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CD Review: Marilyn Crispell 

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Marilyn Crispell Vignettes
(2008, ECM Records)

Treasured local pianist Marilyn Crispell emerged on the modern jazz scene in the late 1970s, when she began her 15-year tenure with the Anthony Braxton Quartet. Building on the classical studies of her early years, the influential Crispell has created a singular style that bridges the aggressive attack of Cecil Taylor with the balladic introspection of Keith Jarrett. In recent years, however, over her three previous trio albums for ECM Crispell’s approach has drifted from the keyboard-strafing runs of Taylor to something that, while still suggesting Jarrett’s wistful lyricism, also palpably reflects the austere, monochromatic Scandinavian winter landscape that she cites as a current influence.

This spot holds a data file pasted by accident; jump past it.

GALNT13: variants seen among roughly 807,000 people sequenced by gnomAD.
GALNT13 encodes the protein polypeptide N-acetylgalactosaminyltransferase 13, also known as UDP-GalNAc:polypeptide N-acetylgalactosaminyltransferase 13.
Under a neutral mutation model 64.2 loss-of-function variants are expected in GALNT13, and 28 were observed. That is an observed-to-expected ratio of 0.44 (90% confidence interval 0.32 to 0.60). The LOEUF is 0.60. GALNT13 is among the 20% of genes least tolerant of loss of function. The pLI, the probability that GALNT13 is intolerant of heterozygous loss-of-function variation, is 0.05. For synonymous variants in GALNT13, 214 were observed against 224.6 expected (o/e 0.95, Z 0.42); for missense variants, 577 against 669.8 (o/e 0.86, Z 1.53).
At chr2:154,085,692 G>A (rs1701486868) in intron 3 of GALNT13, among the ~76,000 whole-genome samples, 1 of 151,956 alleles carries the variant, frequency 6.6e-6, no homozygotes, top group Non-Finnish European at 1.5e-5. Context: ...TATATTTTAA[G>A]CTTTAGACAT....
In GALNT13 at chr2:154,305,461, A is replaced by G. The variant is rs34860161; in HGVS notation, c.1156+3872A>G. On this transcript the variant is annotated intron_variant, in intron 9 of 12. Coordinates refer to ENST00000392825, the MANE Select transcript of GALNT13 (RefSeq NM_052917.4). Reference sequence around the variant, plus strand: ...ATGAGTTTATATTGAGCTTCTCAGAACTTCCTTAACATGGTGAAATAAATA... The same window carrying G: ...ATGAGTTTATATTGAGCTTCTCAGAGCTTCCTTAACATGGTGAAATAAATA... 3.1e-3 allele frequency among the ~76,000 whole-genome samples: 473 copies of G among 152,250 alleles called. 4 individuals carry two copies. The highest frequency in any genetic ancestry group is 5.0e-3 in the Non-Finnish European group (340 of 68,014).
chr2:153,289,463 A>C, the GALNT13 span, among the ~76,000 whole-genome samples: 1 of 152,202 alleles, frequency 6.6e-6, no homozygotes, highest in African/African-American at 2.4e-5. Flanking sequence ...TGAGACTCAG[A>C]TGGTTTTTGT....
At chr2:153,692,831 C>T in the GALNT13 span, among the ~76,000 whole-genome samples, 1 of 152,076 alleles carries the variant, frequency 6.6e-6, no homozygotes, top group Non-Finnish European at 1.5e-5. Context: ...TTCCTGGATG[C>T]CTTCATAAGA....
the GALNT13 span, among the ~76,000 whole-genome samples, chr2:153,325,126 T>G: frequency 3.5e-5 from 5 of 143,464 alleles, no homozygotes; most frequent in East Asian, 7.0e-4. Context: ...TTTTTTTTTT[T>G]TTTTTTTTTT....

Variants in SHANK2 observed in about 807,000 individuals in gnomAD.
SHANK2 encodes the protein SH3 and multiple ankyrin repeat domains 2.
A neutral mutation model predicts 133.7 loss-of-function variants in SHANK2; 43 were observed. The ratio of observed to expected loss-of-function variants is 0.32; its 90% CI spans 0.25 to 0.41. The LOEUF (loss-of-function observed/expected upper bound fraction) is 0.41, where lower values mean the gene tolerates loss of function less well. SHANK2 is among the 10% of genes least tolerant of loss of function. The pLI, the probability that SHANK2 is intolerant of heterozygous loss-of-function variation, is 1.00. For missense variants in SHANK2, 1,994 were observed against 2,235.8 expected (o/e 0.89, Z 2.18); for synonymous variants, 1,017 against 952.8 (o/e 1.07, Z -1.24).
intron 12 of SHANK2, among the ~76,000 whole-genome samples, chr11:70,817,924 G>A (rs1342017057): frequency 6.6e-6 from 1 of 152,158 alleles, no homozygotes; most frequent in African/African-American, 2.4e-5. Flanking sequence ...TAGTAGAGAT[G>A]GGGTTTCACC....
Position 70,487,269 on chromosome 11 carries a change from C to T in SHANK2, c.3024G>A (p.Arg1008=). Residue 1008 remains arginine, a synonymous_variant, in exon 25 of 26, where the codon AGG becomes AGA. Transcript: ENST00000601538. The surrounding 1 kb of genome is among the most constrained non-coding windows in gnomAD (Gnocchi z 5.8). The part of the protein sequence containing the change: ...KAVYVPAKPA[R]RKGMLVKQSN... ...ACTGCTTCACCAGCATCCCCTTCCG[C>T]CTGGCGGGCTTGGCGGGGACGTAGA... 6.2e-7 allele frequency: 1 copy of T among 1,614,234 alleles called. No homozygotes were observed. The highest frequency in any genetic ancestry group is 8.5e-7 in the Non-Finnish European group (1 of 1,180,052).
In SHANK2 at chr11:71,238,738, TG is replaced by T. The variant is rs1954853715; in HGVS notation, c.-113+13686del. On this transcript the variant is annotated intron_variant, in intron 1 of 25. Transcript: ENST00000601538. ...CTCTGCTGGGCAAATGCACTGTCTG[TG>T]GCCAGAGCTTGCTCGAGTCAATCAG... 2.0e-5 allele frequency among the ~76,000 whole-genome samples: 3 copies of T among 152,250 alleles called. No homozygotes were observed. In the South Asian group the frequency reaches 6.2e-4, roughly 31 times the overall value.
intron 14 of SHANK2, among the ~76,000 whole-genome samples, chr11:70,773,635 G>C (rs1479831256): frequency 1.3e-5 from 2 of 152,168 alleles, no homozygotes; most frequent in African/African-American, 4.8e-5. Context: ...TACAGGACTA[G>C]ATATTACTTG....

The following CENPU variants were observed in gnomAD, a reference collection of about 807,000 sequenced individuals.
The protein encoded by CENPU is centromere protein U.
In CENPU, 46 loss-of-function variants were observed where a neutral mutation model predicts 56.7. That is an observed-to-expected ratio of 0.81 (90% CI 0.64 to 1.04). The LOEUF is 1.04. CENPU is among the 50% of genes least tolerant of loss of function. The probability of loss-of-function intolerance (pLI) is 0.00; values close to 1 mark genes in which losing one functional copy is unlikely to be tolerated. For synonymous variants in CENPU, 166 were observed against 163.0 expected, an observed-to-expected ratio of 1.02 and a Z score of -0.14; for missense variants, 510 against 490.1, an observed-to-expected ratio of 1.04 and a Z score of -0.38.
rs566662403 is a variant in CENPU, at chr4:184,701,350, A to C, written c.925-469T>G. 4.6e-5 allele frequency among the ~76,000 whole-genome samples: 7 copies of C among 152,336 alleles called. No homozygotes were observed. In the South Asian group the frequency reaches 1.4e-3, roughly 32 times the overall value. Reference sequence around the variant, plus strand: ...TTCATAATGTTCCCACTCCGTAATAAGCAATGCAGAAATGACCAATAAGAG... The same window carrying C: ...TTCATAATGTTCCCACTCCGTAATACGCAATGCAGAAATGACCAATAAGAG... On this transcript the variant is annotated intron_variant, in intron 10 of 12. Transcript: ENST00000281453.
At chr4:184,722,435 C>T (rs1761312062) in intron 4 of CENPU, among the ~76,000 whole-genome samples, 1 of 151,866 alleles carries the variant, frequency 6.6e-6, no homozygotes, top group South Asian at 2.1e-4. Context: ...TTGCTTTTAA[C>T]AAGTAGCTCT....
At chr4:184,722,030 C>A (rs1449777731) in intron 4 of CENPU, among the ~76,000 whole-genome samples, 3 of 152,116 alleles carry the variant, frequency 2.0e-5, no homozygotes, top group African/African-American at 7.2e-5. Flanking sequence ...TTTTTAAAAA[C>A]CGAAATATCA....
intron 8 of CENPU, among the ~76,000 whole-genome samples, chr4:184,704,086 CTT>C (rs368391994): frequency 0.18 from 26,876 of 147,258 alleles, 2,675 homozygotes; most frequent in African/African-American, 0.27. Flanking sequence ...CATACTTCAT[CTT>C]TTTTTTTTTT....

Though most of the 17 short pieces on the aptly titled Vignettes (the longest track, “Stilleweg,” clocks in at 6:18—brief, compared to much of Crispell’s output) are indeed pregnant with Bergmanesque brooding, Crispell’s patented discordant flurries haven’t evaporated entirely; see the feverish “Axis,” which finds the pianist’s hammering hands spiking the keys with the force of an IRT express train. Nothing ever was, anyway, Crispell’s 1996 ECM debut, is a double album of music by one of her neighbors, pioneering composer and performer Annette Peacock; for the mainly improvised Vignettes Crispell reaches out to another fellow Woodstocker for material: flutist and composer Jayna Nelson, whose “Cuida Tu Espiritu” offers perhaps as good a taste of this fine album’s bittersweet sadness as anything else on the track list.

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  • Peter Aaron reviews Marilyn Crispell's latest album Vignettes.


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